• David Strittmatter

You have to receive feedback - here's how you get it

We all need people who will give us feedback. That’s how we improve. – Bill Gates
Photo by Adam Jang on Unsplash

Dear friend,


What’s the best way to grow as a person?


Since I started working as a consultant, I’ve been learning at a pace I could’ve not imagined.

There’s this saying: “1 year in consulting is like 2-3 years in industry”. From my own experience and the conversations with friends, I assume that’s due to the differences in feedback culture.


For most companies, it’s just not a thing to regularly sit down together, look each other in the eyes, and tell each other what the other person does well and what could be improved.


In the companies that do regular feedback, it’s a once-in-a-quarter thing or part of the semi-yearly performance appraisal.


Value of feedback


In most management consulting companies, every 2-3 weeks formal feedback sessions are standard. Immediate and informal feedback is done daily. This has 3 benefits:

  1. Feedback enables deliberate practice. Without knowing what you do well and what you can improve, you cannot focus your efforts. It’s like mindless repetitions of a full song even though it’s just 2 minor parts of the song that you don’t master yet.

  2. How you perceive yourself and your work can be significantly different from how your peers, subordinates, or boss do. It comes down to nuances, but they can make a major difference in your professional career. For instance, listening well is a skill. Without the feedback that your listening skills suck, you will never become a better listener.

  3. Guidance from more experienced co-workers is invaluable. They already went through similar challenges like you and made mistakes you will most likely do, too. Asking them for feedback will allow you to “leapfrog” steps in your professional development.

How to feedback


Receiving quality feedback takes work. It’s not that you become employed and receive the amount of coaching, mentoring, and guidance you could potentially obtain. Even if you work in consulting or other jobs where there’s a strong feedback culture, you cannot expect to obtain ideal feedback.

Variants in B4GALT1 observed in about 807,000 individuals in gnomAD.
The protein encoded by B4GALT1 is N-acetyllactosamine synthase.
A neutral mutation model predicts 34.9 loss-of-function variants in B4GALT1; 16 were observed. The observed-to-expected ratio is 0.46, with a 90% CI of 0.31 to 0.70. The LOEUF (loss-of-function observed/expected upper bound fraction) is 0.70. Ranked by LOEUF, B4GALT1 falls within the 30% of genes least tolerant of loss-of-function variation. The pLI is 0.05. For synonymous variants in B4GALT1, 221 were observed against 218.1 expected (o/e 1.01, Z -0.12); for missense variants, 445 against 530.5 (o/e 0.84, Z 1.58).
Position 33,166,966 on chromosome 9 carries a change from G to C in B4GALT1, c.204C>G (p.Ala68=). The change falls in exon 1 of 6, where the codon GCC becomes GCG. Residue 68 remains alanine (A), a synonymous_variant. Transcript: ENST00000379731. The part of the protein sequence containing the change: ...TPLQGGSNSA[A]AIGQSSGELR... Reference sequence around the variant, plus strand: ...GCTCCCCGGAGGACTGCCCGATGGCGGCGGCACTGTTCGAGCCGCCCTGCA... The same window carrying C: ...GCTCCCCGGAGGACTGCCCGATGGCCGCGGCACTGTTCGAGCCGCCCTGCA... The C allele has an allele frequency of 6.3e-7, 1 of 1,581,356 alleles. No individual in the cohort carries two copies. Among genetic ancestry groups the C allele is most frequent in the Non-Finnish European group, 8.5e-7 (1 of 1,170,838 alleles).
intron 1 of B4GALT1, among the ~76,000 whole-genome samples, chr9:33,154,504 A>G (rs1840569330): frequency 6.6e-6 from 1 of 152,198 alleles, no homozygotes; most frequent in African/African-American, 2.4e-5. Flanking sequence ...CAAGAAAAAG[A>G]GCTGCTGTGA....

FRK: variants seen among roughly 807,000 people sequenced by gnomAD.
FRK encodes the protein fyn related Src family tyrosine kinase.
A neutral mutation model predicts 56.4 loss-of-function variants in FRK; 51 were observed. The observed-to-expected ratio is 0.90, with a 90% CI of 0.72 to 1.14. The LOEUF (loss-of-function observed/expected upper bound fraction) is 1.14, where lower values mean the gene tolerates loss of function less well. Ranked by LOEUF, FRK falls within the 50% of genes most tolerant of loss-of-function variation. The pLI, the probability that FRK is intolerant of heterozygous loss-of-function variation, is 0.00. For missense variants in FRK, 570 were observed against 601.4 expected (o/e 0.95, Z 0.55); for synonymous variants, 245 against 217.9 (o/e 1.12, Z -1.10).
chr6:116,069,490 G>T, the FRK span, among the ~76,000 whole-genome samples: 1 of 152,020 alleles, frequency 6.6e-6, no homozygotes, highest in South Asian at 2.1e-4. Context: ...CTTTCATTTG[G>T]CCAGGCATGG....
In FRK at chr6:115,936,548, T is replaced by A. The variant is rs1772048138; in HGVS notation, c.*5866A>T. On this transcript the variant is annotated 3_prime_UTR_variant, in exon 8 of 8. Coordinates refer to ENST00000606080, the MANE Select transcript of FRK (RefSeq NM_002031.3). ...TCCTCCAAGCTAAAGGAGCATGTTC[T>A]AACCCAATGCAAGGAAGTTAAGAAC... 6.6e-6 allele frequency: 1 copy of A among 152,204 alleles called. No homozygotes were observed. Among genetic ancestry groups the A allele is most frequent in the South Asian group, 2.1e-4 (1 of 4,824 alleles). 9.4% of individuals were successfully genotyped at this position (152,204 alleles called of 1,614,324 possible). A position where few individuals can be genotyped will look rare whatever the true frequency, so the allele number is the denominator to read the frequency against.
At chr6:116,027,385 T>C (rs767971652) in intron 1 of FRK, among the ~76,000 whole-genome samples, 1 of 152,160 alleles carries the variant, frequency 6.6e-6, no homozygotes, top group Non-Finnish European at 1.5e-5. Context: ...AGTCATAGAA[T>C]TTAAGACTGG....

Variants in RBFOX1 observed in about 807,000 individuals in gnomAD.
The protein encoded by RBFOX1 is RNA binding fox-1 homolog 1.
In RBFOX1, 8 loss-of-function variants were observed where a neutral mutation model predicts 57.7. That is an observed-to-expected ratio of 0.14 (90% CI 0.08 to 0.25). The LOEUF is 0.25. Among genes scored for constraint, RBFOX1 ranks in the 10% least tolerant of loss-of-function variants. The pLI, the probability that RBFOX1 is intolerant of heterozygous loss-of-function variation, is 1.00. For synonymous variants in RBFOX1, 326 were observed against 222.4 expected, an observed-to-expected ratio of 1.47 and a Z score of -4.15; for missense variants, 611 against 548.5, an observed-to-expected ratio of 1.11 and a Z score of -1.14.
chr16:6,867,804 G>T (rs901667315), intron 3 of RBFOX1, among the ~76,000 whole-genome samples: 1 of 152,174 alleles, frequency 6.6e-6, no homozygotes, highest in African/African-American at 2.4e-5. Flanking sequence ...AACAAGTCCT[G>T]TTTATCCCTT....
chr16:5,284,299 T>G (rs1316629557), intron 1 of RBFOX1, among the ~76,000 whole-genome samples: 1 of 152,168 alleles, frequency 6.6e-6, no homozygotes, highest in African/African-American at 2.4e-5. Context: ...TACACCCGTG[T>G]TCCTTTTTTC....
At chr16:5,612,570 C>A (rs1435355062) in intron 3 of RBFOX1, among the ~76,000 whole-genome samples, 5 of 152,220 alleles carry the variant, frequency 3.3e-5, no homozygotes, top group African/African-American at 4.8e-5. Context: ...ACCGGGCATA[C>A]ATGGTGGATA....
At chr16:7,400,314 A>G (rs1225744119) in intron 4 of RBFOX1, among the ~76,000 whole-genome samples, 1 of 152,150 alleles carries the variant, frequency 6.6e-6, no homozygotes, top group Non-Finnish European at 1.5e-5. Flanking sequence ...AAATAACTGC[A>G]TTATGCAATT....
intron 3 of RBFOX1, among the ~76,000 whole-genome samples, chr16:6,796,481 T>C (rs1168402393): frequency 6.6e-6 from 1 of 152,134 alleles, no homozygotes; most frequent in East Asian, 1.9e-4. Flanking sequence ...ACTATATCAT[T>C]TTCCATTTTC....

You have to put in the effort.


First, you have to ask for feedback. If you feel awkward about it, just ask your manager, peer, client, customer, intern, etc. for a 20 min coffee chat. During this coffee chat, you ask them how they think about your work, what they like, what they dislike. I do this with my interns, clients, project managers, and peers.


Second, identify an area where you want to improve. For example, a skill I want to further improve is “storylining”, i.e., structuring meetings and content convincingly, concisely, and easy to grasp. So, I ask the people I’m working with and who can assess my storylining skills to focus on my work.


At the end of the feedback conversation, I ask the other person whether we could do another feedback session in 2-4 weeks. Usually, the answer is yes. So, I request them to focus on this area of improvement. This makes it easier for them, too.


Third, you should also have feedback for them; be prepared that they ask you for it. When I provide someone with feedback, I do it strength-based.


Strength-based feedback implies focussing on the strength of the other person. I take time to elaborate on what the other person does well. I frame my feedback neutrally and state observations, e.g., I saw that you prepared yesterday’s meeting well so that it was super smooth and we received what you needed for your analysis timely and completely.


I prepare at least 3 observations to exemplify their strengths and provide them with 1 observation of what could be improved. That leaves the other person feeling confident, competent, and motivated, while, simultaneously, having 1 thing to work on.

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